Well cement integrity literature review

14 October 2016

The Department regulates petroleum and geothermal energy industries under the Petroleum and Geothermal Energy Act 2000 (PGE Act) and the Petroleum and Geothermal Energy Regulations 2013. The regulatory framework is objective based and protects the natural, economic and social aspects of the environment within which activities regulated under the PGE Act are carried out. Key to this objective is the requirement for licensees to adopt and demonstrably implement good practices over the life cycle of their activities and projects.

In the context of well operations well cement integrity is a critical component to achieving one of the key regulatory objectives for the protection of groundwater resources.

To this end, as part of informing the regulatory process DEM commissioned an independent literature review into the integrity of cement by the University of Adelaide to identify and report on factors that play an important role in the integrity of cement for long term isolation along the entire well life cycle – from engineering design to execution and verification. Information derived from literature together with recommendations are provided in the report.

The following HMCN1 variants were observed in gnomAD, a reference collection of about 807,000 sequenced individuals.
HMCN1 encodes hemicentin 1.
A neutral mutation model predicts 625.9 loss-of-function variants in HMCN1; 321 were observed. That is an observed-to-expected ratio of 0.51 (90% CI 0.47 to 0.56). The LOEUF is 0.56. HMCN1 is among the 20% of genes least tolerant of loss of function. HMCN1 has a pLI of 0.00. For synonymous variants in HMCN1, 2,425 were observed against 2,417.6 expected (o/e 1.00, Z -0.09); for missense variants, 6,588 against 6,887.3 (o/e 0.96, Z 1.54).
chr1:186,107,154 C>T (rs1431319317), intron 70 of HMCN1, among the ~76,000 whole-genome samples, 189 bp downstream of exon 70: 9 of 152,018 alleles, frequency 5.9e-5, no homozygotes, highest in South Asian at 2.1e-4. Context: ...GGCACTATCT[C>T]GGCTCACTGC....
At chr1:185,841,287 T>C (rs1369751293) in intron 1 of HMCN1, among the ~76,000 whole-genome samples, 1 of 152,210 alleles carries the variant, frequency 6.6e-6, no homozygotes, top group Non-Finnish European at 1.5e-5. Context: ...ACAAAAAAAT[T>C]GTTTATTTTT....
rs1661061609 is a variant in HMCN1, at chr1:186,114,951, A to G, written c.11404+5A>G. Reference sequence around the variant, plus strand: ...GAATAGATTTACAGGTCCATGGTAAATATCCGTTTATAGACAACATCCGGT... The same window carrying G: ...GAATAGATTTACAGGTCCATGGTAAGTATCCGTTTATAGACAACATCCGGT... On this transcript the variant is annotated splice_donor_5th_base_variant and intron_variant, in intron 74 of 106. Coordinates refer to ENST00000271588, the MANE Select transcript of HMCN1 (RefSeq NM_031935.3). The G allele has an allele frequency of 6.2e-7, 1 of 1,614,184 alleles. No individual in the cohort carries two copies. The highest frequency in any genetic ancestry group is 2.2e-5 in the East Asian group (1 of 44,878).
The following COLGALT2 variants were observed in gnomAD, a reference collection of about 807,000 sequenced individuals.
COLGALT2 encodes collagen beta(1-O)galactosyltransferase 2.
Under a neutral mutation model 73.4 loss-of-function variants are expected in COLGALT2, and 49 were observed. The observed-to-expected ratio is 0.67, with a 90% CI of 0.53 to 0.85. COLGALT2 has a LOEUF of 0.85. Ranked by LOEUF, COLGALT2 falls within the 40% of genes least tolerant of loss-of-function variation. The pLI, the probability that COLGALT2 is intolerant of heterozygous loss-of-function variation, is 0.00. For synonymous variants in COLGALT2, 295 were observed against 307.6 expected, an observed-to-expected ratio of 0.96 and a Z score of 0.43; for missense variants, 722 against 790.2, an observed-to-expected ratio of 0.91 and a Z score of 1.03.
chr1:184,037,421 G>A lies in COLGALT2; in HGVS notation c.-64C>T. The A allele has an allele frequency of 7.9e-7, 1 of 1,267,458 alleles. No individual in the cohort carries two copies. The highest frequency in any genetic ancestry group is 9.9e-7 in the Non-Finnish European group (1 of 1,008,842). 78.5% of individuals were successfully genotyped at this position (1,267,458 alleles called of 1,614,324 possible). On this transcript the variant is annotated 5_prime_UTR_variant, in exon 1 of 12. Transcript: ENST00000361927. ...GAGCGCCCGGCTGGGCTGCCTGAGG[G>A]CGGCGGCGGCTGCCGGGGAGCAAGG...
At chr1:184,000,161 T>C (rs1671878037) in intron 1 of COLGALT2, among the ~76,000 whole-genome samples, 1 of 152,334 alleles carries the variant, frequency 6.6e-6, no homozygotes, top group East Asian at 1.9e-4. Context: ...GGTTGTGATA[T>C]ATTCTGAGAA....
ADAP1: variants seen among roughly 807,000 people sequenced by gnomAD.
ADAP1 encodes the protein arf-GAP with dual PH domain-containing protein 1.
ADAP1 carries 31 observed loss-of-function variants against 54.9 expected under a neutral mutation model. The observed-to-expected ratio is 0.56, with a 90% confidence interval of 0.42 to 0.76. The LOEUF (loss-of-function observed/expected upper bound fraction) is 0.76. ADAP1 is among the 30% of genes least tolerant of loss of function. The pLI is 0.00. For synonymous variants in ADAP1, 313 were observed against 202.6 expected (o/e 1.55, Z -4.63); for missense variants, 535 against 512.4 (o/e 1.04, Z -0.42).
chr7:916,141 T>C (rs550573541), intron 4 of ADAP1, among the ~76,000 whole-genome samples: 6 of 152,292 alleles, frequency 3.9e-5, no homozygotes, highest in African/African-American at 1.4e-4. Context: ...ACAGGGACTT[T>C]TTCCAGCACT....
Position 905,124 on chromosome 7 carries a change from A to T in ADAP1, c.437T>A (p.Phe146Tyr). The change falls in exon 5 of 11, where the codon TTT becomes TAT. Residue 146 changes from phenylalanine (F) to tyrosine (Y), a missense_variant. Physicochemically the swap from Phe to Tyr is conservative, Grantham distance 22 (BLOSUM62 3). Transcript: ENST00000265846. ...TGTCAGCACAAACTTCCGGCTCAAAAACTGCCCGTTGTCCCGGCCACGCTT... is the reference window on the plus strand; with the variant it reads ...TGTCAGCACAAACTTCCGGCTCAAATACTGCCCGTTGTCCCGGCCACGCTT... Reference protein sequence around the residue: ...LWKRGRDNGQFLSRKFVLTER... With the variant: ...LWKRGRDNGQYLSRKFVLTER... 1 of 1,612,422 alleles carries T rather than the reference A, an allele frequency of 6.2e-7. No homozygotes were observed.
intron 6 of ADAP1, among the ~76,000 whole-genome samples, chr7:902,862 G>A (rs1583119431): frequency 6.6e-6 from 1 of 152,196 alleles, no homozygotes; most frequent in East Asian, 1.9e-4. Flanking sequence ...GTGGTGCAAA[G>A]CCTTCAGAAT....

Download Well Cement Integrity and Cementing Practices report (PDF 7.3 MB)

Key findings

Critical to cement integrity for the purpose of zonal isolation are:

  • Appropriate design and verification of the placement of cement; and
  • Long term performance of cements.

International studies, hyper-links included below, confirm these findings and conclude that the proper placement of cement is more critical to achieving long term zonal isolation than cement deterioration. Proper placement of cement is achieved by adopting relevant industry standards for cementing design and verification to ensure adverse leakage pathways within the cement sheath and between the cement sheath and casing and/or rock formation are avoided.

Downhole risk practices

This report presents the findings of a study undertaken by a university student employed by PIRSA to investigate the actual and potential downhole risks associated with drilling and well completion practices in the Cooper and Eromanga Basins.

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